To summarize, both ECAD and MCAD have their advantages and disadvantages. ECAD is primarily used in the early stages of product development, when the electronic circuits are being designed, while MCAD is used later on, when the physical components are being designed. However, there are software tools that allow for integration between the two types of CAD software which enables that the ECAD and MCAD processes run “simultaneously”.

This is where MECODES comes as a great solution to incorporate incremental changes and greatly increase the speed of electronic product design.

From ECAD to MCAD and vice versa

Transitioning work from ECAD to MCAD, or vice versa, can be a complex process, and there are a few best practices that can be followed to ensure success:

  1. To have a clear communication between the ECAD and MCAD teams, as well as any other teams or members involved in the product development process. This includes setting clear expectations, goals, timelines and milestones for the project.
  2. To ensure that the data being exchanged between the ECAD and MCAD teams is accurate and up-to-date. This includes using software tools that allow for seamless data exchange between the two teams, such as MECODES which offers a common PCB library management system that is a key element in the ECAD/MCAD collaboration. Additionally, via MECODES clients on the MCAD side can import the ECAD model in CATIA with the ECAD parameters visible in the CATIA tree. Furthermore, MECODES algorithms allow faster traces generation (as surface or solid) and copper planes (including internal layers) visibility in CATIA.
  3. Finally, it is important to invest in training to ensure that software tools are being used the right way and in full capacity. It will give people knowledge and skills they need to effectively work on product design and in the end to make the design and development process faster.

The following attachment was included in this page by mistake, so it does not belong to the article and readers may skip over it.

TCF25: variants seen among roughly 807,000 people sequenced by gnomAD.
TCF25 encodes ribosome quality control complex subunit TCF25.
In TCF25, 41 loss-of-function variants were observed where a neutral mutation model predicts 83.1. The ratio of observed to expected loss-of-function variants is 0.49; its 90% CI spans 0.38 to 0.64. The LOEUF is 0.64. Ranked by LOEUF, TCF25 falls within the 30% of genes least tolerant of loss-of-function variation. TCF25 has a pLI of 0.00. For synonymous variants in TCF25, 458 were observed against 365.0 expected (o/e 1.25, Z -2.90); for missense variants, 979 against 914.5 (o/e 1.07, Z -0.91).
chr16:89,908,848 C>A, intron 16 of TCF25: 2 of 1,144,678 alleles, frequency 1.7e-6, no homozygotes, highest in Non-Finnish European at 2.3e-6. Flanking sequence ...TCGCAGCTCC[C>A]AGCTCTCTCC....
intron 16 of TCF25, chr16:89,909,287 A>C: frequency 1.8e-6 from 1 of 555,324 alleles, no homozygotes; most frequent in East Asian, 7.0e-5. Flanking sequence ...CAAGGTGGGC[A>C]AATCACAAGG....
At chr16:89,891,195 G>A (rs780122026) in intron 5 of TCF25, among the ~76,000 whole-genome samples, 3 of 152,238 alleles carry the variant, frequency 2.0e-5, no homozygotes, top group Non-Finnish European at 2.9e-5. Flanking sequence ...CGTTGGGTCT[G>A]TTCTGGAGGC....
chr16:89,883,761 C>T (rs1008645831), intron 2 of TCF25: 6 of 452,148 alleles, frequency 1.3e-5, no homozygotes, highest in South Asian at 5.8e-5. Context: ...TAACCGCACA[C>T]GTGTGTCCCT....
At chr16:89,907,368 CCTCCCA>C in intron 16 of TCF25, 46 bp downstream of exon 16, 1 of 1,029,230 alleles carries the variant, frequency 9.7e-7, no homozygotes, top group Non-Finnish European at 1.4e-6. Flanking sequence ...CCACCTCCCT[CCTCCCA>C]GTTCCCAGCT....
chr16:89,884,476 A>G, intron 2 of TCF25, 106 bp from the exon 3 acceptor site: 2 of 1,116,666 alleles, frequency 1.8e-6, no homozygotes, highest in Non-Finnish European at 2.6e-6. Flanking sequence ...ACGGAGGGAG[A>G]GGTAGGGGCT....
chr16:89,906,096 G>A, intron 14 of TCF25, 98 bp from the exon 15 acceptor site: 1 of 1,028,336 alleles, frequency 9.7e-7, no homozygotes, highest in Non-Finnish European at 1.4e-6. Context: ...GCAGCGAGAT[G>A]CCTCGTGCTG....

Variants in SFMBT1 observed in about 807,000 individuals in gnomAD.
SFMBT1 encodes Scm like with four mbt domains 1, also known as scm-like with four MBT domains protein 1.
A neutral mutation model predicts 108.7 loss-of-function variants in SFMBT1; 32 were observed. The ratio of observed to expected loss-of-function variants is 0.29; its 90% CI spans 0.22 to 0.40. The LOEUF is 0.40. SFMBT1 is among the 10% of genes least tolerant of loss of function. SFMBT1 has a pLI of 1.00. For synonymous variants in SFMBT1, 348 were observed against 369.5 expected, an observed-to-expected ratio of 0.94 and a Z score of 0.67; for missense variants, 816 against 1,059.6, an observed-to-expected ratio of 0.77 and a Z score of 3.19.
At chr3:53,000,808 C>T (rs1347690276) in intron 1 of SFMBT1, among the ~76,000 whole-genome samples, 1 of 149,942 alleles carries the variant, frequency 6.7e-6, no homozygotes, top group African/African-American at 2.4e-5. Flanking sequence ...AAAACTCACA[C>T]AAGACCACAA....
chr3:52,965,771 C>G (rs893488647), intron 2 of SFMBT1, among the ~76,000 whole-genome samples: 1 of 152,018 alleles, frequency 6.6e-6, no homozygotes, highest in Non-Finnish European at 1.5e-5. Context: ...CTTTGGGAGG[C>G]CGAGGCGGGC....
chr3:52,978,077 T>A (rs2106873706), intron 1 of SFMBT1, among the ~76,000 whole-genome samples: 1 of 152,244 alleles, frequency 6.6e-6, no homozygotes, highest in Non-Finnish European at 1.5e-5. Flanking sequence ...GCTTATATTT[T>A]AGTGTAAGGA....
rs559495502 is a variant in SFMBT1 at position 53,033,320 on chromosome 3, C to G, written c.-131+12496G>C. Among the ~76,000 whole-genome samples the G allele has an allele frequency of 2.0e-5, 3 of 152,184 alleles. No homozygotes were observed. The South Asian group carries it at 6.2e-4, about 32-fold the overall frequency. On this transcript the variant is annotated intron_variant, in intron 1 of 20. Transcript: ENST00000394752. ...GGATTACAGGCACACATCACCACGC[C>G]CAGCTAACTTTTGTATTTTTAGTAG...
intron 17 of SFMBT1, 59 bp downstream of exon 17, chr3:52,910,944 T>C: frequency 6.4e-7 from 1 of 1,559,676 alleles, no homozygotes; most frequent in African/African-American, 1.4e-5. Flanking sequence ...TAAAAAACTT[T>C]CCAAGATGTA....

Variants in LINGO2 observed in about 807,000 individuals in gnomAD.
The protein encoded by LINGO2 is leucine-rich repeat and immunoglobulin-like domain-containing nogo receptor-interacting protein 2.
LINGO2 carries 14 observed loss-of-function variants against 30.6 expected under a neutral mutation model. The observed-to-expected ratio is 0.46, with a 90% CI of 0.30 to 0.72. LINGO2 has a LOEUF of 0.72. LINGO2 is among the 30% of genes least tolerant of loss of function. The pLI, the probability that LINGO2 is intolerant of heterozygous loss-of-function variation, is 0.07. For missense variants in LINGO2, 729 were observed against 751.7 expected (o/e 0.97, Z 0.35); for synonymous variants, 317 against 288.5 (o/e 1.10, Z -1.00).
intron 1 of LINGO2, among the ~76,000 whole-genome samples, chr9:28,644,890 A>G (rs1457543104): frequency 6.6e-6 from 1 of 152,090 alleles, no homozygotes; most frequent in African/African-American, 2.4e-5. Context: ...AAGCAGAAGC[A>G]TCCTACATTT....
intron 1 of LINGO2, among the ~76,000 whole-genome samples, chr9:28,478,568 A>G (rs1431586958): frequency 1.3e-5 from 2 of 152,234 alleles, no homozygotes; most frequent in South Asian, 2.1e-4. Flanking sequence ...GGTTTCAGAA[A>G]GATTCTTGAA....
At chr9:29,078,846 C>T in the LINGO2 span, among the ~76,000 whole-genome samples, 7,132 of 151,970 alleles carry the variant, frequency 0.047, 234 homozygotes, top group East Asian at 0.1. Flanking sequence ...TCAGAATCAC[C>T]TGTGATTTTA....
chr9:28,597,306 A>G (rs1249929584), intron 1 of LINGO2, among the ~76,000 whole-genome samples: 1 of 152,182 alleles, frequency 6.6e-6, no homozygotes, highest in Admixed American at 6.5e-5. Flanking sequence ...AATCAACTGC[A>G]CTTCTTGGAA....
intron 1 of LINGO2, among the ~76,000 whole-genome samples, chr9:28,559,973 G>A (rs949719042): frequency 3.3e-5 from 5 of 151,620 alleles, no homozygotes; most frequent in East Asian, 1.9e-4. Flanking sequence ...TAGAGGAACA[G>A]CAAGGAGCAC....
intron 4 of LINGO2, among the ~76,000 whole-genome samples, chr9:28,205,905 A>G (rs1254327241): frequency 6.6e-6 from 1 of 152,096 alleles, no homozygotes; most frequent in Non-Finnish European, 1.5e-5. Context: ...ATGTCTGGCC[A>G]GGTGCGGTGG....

Note: With MECODES, it is possible to incorporate a multi-layer PCB design with ODB++, clash analysis, documented transaction history, “what-if” analysis, all to optimize the required product properties and performance.

The future of ECAD and MCAD collaboration

Emerging trends and innovations in ECAD and MCAD collaboration are driven by the need to speed up electromechanical product development, from the initial product idea to completion.

There is a growing trend towards cloud-based CAD software and collaborative design tools. These tools allow for easy sharing and collaboration on design projects which enables remote teams to work together in real-time, regardless of location . The result is improved communication and collaboration between different departments and better design process in general.

As previously mentioned, one example of such a tool is MECODES, which enables collaboration between ECAD and MCAD teams by providing features like:


See MECODES in action

EDMD Protocol

Last minute change scenario

ECAD – MCAD Library

Copper import with MECODES

Transaction history